Let me just start by saying that I am a huge fan of games of skill; puzzle games that have you examining the story, the characters, and the environment to come to logical conclusion about what needs to happen next. Those logical conclusions do not have to be immediately apparent – in fact, it’s a better game all around if you have to work for those answers. So nothing gets me more disappointed than a puzzle type game that is far more random chance and trial and error than anything resembling true puzzling abilities.
Pilot Brothers 2 is the latest mobile release from G5 Entertainment, a company known for releasing a plethora of mostly high quality casual games. Like the first game in the series, it is based on a Russian cartoon of the same name, that follows two brothers name Colleague and Chief. In this game, the Pilot Brothers’ cat, Arsenic, has been tragically kidnapped by an experimental chef who is a bit too experimental. It’s your job to help the brothers rescue their endangered kitty before he becomes Chef Sumo’s latest entree.
If you are familiar with the first Pilot Brothers game, then you should expect more of the same with the sequel. The story is more implied than given, and each area of the game pretty much plops you down and expects you to figure it all out, without any clues or guidance whatsoever. Sometimes, this sort of approach leads to some really great puzzle action, wherein you examine the environment and figure out which items logically (and at times, not so logically but often comically) can be combined to solve the riddle. In the case of Pilot Brothers 2? Notsomuch.
I’ve made no secret of the fact that I wasn’t a fan of the first game in the series, and the second one didn’t do it for me either. The thing is, the solutions to each area often make no sense whatsoever, even once you know what they are. And even if you can figure out what to do, you are often hampered by the fact that you might be doing the right thing, with the wrong brother. In Pilot Brothers 2, you are able to use either brother at any time, and you often need to use them in concert to solve certain puzzles. The problem is, each thing that needs to be done can only be done by a certain brother – but there isn’t really any logic to it as far as I can tell.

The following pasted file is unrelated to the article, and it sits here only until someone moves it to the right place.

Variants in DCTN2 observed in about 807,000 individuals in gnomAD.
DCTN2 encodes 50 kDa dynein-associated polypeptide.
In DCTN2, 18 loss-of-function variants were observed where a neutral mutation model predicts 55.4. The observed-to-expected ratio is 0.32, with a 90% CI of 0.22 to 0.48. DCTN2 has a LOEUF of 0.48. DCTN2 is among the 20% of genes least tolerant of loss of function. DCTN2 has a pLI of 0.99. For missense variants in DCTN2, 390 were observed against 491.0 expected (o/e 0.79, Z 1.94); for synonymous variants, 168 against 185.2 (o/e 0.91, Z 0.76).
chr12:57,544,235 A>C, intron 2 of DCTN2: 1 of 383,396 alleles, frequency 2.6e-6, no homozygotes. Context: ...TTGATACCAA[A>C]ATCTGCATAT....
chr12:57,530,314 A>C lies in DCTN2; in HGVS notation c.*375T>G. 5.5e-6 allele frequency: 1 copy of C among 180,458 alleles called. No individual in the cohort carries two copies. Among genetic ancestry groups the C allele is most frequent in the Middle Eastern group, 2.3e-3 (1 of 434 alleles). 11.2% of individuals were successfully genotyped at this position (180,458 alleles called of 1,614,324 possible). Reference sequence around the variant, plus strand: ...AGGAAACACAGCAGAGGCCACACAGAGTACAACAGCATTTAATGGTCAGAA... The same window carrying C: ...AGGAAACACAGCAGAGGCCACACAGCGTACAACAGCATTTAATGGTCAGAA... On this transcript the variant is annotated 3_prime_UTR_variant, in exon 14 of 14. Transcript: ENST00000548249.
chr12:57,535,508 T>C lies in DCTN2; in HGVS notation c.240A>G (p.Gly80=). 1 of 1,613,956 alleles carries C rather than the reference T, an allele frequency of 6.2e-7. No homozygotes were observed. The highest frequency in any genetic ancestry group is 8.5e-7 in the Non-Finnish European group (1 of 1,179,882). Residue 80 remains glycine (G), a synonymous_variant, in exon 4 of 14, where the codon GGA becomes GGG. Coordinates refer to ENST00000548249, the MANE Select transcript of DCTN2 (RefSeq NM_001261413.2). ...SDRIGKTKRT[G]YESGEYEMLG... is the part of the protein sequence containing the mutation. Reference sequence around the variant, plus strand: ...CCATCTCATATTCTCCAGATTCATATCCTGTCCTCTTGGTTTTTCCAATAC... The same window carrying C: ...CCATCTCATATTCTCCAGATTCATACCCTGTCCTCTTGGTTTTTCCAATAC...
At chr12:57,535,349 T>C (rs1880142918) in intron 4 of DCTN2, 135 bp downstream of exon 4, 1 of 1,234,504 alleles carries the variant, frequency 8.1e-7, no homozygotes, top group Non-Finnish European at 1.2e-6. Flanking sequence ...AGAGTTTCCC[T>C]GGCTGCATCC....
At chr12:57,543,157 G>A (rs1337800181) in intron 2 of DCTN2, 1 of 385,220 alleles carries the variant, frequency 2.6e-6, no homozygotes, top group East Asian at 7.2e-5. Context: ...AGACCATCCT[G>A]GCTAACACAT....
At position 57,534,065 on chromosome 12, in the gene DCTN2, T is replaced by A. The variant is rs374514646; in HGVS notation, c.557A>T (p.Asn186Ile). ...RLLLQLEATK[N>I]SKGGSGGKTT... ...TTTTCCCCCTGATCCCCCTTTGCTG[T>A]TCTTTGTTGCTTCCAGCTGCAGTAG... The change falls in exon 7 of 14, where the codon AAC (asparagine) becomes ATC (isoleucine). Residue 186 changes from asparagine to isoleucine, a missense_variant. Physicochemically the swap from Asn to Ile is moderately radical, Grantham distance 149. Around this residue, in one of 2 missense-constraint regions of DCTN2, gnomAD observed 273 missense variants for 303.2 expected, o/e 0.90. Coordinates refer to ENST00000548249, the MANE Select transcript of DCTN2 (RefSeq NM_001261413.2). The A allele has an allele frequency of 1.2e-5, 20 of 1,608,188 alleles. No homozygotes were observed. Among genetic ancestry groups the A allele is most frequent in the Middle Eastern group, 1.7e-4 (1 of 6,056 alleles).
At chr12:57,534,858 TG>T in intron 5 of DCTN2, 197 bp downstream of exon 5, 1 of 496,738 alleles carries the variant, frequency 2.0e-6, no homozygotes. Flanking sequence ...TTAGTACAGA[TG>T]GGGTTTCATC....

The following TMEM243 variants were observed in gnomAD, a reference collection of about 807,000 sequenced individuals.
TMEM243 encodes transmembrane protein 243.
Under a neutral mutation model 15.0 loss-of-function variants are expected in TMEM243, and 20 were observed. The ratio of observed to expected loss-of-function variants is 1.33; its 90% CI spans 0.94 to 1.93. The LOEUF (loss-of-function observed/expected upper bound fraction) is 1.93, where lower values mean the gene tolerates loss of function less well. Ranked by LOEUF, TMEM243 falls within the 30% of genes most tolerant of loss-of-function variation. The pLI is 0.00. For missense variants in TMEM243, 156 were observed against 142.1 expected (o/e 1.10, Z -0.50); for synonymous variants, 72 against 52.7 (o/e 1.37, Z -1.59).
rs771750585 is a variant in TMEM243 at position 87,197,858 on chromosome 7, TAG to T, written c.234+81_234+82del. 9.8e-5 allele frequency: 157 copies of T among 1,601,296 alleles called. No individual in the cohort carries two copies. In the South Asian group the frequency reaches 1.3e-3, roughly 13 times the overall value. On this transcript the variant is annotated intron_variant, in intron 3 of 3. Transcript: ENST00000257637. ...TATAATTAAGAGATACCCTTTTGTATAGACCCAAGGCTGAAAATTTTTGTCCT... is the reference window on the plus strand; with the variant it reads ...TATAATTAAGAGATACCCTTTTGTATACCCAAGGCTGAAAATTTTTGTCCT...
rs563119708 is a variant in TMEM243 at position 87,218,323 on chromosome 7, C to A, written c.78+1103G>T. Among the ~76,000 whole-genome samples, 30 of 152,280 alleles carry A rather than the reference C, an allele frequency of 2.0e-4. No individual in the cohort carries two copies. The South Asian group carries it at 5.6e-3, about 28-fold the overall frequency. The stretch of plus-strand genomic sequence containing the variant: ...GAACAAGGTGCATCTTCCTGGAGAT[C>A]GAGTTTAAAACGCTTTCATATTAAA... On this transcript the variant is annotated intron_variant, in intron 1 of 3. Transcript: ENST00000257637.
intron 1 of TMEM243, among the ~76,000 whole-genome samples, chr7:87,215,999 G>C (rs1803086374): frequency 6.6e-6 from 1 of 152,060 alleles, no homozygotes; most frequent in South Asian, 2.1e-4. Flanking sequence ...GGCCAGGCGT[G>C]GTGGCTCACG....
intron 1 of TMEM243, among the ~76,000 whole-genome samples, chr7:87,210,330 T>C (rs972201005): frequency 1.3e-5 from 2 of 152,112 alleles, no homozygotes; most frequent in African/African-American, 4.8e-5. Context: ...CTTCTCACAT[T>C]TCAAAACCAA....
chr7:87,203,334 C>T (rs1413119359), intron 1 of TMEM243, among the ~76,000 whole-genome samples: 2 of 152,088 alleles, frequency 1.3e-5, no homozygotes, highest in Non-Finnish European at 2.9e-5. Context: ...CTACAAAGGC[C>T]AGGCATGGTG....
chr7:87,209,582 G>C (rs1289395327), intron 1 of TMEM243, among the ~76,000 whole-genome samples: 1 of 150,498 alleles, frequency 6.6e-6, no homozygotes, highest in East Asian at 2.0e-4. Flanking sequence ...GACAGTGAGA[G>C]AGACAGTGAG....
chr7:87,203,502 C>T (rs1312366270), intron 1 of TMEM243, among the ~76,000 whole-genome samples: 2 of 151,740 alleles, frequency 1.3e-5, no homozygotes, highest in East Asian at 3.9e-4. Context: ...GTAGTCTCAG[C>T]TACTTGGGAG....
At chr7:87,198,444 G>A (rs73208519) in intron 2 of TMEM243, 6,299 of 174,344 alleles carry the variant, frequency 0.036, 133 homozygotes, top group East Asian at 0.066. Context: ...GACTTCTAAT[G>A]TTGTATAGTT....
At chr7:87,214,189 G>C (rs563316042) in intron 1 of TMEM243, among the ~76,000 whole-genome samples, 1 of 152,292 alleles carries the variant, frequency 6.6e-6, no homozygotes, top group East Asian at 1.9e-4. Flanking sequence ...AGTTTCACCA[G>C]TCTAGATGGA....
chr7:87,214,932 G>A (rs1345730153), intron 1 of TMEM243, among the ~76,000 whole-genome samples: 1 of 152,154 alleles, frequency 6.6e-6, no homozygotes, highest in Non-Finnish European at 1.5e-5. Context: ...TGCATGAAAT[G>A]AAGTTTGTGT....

Without a true logic component, the only way to figure out which brother to use is to try them both, in various combinations. The problem with that is, most solutions require things to be done in a specific order, which means that you must keep doing things over and over to get just the right order of operations, using just the right combination of brothers doing them. It is maddening, because you aren’t using your brain at all (unless you count the memory game of trying to remember the exact order). It is pure trial and error much of the time – and that just isn’t gaming to me.
Luckily, if you do get stuck in Pilot Brothers 2 (and I don’t think you can avoid it), the hefty hint system from the first game is repeated here. There are rechargeable hints that can be used after a small waiting time, to help you along with the next step. And if you get really stuck, after a while, you are actually able to play a video that shows you the entire solution to the area you are playing. To me, the fact that the game even needs to offer a full video detailing the solution is a bit of a red flag, but it’s even more so when you watch the solution and are hard pressed to find any sort of meaning in most of the tasks you perform. This is less puzzle game, and more click on everything until you figure it out. In the absence of even a great story to help it along, it just equaled a game that was not fun to play.
Pilot Brothers 2 follows in the footsteps of the first Pilot Brothers game. With little story to speak of, no real logic to any of the solutions, and gameplay that is more trial and error than true puzzle action, it’s a disappointing release from a company that usually offers much better.